Interval Timing Procedures

Temporal perception and timed performance procedures consist of a specification of the conditions under which a discrete stimulus (such as a light or noise) will be turned on or off, and a specification of the conditions under which a reinforcer (such as a pellet of food) will be delivered. The procedures within the domain of a timing theory include those with zero, one, or more than one stimulus, and with zero, one, or more than one response contingency for reinforcement. All of these procedures are also in the domain of conditioning theories. They include many procedures from classical conditioning (zero response contingencies), operant conditioning (one response contingency), and choice (more than one response contingency).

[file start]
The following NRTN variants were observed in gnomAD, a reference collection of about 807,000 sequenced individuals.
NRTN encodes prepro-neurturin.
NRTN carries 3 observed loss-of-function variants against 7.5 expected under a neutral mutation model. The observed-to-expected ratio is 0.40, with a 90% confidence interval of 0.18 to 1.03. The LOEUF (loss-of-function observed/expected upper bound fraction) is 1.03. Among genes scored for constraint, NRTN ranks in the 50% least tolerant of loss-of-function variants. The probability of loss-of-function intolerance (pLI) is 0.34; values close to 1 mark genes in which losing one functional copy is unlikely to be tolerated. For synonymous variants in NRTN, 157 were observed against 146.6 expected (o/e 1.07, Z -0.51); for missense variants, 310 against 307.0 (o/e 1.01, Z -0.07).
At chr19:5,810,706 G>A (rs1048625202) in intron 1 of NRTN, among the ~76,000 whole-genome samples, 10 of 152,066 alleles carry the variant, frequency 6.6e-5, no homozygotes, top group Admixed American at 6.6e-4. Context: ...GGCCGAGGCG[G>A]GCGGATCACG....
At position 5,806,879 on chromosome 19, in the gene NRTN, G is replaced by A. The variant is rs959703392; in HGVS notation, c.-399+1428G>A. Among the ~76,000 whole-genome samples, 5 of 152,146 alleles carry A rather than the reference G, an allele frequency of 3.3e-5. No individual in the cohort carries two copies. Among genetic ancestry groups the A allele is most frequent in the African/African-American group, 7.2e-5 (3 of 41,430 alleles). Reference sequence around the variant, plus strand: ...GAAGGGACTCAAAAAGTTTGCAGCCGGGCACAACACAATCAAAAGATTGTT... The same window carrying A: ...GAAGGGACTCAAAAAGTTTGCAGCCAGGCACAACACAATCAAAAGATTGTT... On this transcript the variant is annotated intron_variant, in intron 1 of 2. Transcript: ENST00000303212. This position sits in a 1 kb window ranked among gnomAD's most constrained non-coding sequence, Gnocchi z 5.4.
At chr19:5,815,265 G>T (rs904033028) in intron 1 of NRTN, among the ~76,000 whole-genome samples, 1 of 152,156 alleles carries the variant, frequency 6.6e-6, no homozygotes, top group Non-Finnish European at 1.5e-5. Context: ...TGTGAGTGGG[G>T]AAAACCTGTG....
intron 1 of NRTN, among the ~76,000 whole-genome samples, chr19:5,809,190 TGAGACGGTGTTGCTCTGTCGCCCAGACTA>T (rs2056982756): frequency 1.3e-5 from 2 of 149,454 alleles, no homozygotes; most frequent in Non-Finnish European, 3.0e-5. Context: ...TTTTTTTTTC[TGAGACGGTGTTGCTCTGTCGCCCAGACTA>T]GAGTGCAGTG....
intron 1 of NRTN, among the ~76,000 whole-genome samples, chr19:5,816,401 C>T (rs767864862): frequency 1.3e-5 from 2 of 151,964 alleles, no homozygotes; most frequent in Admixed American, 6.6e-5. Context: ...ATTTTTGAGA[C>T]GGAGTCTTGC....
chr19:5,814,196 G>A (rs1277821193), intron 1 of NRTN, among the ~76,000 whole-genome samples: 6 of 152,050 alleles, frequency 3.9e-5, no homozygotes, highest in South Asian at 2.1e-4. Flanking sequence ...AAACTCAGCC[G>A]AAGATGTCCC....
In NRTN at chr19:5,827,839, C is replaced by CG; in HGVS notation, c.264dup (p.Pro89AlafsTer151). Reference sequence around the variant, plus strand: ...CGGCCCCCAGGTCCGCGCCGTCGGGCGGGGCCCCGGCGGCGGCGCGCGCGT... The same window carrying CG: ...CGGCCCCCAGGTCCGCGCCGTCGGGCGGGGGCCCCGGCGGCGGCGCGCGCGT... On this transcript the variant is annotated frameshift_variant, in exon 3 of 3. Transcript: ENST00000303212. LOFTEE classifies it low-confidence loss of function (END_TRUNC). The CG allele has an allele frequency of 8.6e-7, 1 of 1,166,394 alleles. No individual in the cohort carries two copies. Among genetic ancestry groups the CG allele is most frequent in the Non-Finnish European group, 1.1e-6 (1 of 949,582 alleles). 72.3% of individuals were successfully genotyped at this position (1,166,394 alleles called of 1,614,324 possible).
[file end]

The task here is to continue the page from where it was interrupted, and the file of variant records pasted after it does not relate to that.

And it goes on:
Standard interval timing procedures include Pavlovian temporal conditioning in which reinforcement occurs at fixed times (zero stimuli and zero response contingencies), discrete trial fixed-interval (FI) schedules of reinforcement in which food occurs following the first response after a fixed time after stimulus onset (one stimulus and one response contingency), and temporal discrimination in which reinforcement follows one response after one of the stimuli and another response after the other stimulus (two stimuli and two response contingencies). The raw data from experiments in timing and conditioning are the times of the onset and termination of each stimulus, reinforcer, and response. The goal of the theory is to describe the times of the responses based on the specification of the procedure (and some fitted parameters).

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